Federal Reserve Chairman Jerome Powell downplayed this week’s turmoil in money markets, saying that the liquidity squeeze had no impact on the economy and the Fed has enough tools to address the problem, as it showed this week.
“While these issues are important for market functioning and market participants, they have no implications for the economy or the stance of monetary policy,” Powell said Wednesday in prepared remarks at a press conference in Washington, after the Fed cut interest rates for a second straight meeting.
“To counter these pressures, we conducted overnight repurchase operations yesterday and again today,” Powell said. “These temporary operations were effective in relieving funding pressures.”
Interest rates in the market for overnight secured loans -- known as repurchase agreements -- surged this week as large corporate-tax payments came due and a larger-than-expected Treasury issuance drained cash from the financial system. The New York Fed was forced to intervene with an injection of liquidity for the first time in a decade.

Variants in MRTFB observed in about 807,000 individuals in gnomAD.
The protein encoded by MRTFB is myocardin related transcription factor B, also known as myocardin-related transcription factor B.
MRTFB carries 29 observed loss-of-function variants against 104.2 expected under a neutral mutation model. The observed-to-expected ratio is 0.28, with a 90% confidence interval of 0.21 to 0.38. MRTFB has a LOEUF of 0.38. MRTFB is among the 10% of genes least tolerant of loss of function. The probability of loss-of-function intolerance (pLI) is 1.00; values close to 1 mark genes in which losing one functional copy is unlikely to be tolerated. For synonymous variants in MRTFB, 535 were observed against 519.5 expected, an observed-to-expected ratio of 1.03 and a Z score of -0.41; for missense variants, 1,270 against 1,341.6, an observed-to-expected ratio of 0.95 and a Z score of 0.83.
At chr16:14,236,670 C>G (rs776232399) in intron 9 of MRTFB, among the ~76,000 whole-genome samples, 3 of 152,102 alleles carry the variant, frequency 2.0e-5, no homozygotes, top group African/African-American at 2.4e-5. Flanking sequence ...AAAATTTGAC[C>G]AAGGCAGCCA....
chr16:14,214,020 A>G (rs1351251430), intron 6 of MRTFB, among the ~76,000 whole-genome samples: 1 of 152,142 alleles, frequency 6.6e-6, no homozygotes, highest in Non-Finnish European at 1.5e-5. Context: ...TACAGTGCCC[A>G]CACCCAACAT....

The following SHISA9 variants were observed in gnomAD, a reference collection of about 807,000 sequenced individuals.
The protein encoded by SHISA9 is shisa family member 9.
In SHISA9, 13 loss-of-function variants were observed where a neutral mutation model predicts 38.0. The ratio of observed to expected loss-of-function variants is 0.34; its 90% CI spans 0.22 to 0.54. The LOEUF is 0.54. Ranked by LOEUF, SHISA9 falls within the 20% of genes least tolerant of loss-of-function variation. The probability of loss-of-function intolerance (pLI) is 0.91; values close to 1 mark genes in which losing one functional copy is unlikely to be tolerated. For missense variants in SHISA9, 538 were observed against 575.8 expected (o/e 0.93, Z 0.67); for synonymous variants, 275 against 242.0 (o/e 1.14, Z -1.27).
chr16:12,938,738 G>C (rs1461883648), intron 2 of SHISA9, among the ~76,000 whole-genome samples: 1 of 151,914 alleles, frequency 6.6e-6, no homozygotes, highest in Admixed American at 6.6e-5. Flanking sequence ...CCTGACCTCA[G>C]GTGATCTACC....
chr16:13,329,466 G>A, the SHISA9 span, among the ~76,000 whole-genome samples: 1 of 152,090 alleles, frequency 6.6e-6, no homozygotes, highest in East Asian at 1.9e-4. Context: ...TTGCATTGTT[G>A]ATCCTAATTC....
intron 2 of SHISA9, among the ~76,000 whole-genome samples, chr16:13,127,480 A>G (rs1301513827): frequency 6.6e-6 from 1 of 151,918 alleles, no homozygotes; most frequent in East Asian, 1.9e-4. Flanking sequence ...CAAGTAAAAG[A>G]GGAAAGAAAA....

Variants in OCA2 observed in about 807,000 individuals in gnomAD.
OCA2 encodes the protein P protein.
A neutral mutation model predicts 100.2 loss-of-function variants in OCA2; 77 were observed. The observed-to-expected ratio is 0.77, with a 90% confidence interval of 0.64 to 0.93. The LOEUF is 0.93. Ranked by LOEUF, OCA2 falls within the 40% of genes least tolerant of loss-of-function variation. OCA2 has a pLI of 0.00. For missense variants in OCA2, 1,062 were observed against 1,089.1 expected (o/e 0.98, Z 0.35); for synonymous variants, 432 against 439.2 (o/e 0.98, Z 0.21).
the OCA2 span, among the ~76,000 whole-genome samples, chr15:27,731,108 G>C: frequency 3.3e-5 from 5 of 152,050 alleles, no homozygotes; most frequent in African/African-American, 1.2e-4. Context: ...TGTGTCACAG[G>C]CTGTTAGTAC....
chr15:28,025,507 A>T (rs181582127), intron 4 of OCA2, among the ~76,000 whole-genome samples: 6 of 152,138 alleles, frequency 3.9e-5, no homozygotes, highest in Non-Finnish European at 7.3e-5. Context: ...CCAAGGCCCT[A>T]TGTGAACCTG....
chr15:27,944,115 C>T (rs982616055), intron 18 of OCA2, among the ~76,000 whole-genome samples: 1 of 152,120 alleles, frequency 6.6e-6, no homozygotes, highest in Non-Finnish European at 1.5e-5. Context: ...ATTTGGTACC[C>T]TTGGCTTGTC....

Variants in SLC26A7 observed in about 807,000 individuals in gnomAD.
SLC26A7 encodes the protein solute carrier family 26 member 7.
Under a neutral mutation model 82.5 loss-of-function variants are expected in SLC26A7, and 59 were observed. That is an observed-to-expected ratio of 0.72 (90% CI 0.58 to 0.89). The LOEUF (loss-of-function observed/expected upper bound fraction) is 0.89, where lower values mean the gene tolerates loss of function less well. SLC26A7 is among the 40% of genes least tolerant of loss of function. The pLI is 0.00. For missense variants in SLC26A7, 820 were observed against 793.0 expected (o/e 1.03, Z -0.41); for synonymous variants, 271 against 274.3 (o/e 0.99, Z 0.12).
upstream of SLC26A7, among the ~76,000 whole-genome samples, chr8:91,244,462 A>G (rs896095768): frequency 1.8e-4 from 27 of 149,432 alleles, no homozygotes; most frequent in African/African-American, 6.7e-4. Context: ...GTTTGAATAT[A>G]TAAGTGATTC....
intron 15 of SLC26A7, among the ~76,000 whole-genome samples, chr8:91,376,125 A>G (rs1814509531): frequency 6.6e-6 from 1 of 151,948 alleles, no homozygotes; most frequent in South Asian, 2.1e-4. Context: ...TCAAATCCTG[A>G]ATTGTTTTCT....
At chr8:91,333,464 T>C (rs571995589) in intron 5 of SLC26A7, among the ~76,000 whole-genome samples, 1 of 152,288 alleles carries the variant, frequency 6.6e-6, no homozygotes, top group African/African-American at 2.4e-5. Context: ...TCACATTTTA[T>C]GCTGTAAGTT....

The Fed has been slowly draining cash since the beginning of last year by shrinking its bond portfolio. The unwind was halted in July, earlier than scheduled. Powell signaled Wednesday that the Fed could soon return to expanding its balance sheet, a move that many analysts had predicted for next year.
“There is real uncertainty, and it is certainly possible that we will need to resume the organic growth of the balance sheet earlier than we thought,' Powell said while answering followup questions. “We’ll be looking at this carefully in coming days, and taking it up at the next meeting.”
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